> John A Meinel <[EMAIL PROTECTED]> wrote:
>> I don't know if there are specific reasons why not, other than just not
>> being implemented yet. It might be tricky to get it correct
Not so much tricky to get correct, as potentially expensive to test for;
it'd be quite easy to waste a lot of cycles trying to match ORDER BY
keys in multiple ways to completely-irrelevant indexes. Since this
will only be helpful for a minority of queries but the costs would be
paid on almost everything with an ORDER BY, that consideration has been
looming large in my mind.
Bruno Wolff III <[EMAIL PROTECTED]> writes:
> I think you need to be able to do two things. One is to drop constant
> expressions from order by lists. The other is when looking for an index
> to produce a specific ordering, to ingore leading constant expressions
> when comparing to the order by expressions.
I've been thinking about this some more this morning, and I think I see
how it could be relatively inexpensive to recognize x=constant
restrictions that allow ordering columns of an index to be ignored. We
are already doing 90% of the work for that just as a byproduct of trying
to match the x=constant clause to the index in the first place, so it's
mostly a matter of refactoring the code to allow that work to be reused.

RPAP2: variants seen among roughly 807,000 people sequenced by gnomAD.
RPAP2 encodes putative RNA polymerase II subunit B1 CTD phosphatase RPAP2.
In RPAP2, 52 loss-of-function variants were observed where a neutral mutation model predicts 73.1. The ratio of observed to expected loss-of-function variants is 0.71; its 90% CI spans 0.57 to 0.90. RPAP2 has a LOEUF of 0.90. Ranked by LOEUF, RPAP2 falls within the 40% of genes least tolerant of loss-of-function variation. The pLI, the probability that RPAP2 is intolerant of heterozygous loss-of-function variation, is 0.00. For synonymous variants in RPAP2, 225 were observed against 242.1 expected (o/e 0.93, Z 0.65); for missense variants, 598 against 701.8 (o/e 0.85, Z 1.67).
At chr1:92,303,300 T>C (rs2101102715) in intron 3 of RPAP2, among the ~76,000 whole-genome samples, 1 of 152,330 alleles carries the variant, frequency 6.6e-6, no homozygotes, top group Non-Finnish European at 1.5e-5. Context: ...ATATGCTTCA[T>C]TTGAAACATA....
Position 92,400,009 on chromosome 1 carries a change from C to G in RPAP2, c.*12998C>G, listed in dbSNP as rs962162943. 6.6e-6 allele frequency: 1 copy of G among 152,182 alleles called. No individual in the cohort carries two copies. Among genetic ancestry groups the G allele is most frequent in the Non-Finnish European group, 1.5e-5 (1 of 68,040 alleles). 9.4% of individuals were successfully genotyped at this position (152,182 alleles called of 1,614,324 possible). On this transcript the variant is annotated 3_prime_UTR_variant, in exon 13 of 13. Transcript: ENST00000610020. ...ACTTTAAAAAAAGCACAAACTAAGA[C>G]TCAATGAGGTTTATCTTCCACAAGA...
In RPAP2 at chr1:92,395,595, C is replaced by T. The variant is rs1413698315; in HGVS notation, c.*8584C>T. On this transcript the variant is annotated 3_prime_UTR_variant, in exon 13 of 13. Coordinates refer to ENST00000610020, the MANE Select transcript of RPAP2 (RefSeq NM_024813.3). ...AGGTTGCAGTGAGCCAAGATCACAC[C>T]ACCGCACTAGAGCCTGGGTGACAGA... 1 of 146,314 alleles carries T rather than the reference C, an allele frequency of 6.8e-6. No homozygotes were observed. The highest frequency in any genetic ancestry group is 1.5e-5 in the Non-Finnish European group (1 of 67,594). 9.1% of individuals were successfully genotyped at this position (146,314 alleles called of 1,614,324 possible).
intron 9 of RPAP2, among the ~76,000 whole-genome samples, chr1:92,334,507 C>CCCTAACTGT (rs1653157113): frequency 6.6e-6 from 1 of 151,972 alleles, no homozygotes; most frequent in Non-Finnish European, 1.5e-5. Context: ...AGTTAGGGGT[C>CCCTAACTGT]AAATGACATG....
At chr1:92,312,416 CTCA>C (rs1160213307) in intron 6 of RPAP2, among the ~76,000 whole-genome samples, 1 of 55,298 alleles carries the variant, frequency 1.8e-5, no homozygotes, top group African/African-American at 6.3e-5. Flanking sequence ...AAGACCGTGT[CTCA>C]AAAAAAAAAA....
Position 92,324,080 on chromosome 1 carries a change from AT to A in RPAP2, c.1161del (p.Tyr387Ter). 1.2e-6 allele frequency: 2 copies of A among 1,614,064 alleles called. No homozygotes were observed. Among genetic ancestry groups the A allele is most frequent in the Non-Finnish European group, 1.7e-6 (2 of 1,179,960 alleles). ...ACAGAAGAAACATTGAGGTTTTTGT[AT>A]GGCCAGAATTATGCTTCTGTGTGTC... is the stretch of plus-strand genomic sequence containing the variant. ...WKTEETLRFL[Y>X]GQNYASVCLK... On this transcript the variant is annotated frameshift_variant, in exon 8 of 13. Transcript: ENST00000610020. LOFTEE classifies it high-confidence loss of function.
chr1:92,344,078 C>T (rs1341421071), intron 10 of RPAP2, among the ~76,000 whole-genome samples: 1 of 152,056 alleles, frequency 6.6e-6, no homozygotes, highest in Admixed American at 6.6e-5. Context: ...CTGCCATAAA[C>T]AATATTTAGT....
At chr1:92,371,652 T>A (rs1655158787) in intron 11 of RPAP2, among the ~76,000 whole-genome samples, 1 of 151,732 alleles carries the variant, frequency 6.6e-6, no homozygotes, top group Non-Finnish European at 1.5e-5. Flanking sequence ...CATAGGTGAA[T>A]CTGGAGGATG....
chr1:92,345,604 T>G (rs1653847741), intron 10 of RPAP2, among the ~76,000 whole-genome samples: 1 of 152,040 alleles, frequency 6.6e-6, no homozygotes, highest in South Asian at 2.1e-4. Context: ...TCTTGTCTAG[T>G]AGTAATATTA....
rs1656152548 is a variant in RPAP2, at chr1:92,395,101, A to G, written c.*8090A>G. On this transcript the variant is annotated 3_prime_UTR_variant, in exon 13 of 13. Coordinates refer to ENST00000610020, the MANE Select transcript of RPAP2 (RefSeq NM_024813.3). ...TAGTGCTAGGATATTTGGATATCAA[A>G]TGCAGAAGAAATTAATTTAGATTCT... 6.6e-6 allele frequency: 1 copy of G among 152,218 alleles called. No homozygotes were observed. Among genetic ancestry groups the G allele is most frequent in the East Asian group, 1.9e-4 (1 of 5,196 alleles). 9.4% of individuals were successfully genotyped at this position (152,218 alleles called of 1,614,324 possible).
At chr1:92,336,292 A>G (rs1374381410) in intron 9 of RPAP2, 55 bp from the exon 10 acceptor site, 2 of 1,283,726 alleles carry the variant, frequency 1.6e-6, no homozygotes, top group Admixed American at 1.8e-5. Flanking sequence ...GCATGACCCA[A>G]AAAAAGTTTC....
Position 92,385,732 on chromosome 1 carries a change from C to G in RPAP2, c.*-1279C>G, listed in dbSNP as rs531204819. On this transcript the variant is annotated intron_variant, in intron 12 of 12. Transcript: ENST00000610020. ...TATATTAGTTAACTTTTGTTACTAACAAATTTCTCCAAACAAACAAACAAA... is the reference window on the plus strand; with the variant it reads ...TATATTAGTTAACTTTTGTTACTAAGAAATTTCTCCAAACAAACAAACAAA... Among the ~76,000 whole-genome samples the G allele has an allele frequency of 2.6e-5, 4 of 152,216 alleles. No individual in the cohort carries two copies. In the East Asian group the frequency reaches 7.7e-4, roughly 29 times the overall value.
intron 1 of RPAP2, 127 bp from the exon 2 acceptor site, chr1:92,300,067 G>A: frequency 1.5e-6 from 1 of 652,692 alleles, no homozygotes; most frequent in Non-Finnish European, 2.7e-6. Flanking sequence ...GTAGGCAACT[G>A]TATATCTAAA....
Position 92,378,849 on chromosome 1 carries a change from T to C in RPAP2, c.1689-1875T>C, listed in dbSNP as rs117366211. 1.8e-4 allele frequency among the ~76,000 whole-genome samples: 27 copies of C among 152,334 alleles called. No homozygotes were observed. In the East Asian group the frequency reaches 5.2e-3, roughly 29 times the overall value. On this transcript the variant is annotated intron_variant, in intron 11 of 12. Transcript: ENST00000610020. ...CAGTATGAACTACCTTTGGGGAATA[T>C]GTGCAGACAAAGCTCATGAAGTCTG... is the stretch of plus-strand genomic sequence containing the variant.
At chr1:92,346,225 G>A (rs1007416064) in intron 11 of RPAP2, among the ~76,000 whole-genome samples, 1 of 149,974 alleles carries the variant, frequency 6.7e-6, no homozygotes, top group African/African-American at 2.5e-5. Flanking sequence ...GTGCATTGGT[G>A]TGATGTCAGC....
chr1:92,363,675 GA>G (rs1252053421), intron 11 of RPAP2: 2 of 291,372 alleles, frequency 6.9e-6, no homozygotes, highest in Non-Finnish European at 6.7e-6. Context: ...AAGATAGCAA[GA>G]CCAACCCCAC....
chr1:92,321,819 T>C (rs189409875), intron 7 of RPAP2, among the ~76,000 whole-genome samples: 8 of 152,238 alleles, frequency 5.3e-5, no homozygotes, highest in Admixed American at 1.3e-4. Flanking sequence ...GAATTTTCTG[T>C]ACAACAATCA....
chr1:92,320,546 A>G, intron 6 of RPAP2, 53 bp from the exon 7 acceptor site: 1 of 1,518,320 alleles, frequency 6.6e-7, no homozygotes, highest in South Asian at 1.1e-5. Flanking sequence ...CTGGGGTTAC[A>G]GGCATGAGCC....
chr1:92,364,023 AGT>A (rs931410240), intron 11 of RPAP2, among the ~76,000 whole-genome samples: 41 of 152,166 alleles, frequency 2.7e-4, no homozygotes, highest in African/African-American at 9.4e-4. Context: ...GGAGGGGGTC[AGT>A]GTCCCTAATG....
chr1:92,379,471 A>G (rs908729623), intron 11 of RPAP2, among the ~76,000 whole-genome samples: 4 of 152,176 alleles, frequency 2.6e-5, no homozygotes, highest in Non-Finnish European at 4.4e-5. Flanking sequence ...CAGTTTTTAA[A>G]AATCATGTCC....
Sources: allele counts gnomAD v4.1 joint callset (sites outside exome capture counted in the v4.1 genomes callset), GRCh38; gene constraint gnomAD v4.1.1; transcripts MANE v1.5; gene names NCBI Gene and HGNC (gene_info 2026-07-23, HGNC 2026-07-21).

I don't, however, see an equally inexpensive way to ignore ORDER BY
columns. That would imply associating the '=' operator of the
restriction clause with the '<' or '>' operator of the ORDER BY clause,
which means searching for a btree opclass that has them in common, which
is not cheap since there's no indexing on pg_amop that would allow us to
find it easily. (There are various places where we do in fact do that
sort of thing, but they aren't so performance-critical.) This doesn't
come up in the other case because we already know the relevant opclass
from the index.
I don't think the use-case has been shown that justifies doing this much
work to ignore useless ORDER BY clauses. The examples that have come up
in the past all suggest ignoring index columns not the other way 'round.
Can you make a case that we need to do that part of it?
regards, tom lane
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